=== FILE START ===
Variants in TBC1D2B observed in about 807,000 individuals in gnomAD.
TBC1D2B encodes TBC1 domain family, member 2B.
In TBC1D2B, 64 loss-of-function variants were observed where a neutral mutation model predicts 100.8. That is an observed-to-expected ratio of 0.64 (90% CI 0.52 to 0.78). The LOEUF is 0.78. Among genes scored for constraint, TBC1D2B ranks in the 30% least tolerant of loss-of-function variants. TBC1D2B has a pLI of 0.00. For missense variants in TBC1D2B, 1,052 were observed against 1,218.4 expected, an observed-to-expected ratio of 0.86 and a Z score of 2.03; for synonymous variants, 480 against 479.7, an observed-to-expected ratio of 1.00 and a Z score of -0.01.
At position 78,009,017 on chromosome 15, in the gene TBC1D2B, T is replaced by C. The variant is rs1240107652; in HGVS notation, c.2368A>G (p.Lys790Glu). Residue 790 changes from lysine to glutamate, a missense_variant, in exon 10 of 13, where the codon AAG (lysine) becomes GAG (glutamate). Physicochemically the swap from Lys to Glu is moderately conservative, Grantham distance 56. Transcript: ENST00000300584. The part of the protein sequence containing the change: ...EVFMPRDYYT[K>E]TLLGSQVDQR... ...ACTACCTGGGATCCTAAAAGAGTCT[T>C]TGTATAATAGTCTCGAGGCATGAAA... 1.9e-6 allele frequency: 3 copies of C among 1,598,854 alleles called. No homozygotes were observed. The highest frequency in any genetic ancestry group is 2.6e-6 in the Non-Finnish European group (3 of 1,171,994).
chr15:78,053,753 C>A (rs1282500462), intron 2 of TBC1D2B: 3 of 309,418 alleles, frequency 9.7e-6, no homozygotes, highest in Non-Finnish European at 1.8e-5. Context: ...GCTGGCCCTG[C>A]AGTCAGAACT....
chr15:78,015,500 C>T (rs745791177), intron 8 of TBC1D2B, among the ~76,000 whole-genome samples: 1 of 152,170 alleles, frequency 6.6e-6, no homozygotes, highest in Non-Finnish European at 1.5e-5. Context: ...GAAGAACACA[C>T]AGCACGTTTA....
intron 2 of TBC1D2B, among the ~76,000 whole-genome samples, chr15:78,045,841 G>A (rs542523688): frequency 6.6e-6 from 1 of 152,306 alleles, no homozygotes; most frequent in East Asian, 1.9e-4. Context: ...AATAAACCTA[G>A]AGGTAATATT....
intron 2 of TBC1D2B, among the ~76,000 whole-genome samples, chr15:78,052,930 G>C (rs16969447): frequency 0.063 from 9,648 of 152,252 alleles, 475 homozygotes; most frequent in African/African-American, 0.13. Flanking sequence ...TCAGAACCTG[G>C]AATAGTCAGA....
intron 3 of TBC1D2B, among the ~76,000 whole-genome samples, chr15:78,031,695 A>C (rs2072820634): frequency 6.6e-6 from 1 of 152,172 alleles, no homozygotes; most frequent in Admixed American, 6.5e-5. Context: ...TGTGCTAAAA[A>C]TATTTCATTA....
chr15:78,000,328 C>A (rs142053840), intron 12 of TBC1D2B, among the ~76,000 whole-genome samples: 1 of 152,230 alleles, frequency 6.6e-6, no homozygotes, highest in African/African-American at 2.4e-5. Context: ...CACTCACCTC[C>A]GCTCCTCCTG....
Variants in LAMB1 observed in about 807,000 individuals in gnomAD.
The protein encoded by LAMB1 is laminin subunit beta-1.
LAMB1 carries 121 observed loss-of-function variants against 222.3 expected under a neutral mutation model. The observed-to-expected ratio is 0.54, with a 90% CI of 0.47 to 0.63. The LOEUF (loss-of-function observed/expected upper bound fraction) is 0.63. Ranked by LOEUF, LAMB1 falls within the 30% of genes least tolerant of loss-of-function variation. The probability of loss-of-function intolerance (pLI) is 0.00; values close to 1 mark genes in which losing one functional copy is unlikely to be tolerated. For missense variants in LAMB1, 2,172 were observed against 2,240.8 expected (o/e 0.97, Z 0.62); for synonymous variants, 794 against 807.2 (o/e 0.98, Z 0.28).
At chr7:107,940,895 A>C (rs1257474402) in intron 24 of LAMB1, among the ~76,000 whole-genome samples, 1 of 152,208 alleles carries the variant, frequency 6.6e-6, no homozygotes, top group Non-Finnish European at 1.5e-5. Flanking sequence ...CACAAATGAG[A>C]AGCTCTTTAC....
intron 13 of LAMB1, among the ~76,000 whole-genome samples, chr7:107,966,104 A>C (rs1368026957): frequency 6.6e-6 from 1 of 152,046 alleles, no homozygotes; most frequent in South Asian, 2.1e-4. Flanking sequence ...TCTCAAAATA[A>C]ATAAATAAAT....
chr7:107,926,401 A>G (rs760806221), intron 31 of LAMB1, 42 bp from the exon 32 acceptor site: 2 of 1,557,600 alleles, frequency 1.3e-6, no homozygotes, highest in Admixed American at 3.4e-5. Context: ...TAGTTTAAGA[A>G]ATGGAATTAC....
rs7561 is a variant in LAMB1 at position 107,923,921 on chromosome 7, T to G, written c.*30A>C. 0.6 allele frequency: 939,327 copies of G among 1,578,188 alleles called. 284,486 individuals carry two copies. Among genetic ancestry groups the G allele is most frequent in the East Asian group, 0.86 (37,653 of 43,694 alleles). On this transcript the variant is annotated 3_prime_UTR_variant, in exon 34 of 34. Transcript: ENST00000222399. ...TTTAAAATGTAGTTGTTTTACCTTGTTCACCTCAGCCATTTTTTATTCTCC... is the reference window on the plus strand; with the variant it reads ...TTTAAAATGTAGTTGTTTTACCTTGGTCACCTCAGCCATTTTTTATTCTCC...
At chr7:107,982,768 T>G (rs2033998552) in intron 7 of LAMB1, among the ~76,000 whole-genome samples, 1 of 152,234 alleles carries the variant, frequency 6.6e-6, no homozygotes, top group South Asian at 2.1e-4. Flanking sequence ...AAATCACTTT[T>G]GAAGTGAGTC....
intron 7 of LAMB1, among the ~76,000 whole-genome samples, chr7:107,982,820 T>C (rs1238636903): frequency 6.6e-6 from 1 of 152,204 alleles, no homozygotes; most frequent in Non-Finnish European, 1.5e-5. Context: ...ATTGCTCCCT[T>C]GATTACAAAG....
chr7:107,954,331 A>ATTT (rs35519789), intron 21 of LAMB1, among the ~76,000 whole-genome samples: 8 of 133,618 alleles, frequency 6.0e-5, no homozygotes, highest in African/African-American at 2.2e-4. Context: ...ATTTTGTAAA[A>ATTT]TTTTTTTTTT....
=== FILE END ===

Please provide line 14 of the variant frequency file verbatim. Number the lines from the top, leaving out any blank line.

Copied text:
At chr7:107,940,895 A>C (rs1257474402) in intron 24 of LAMB1, among the ~76,000 whole-genome samples, 1 of 152,208 alleles carries the variant, frequency 6.6e-6, no homozygotes, top group Non-Finnish European at 1.5e-5. Flanking sequence ...CACAAATGAG[A>C]AGCTCTTTAC....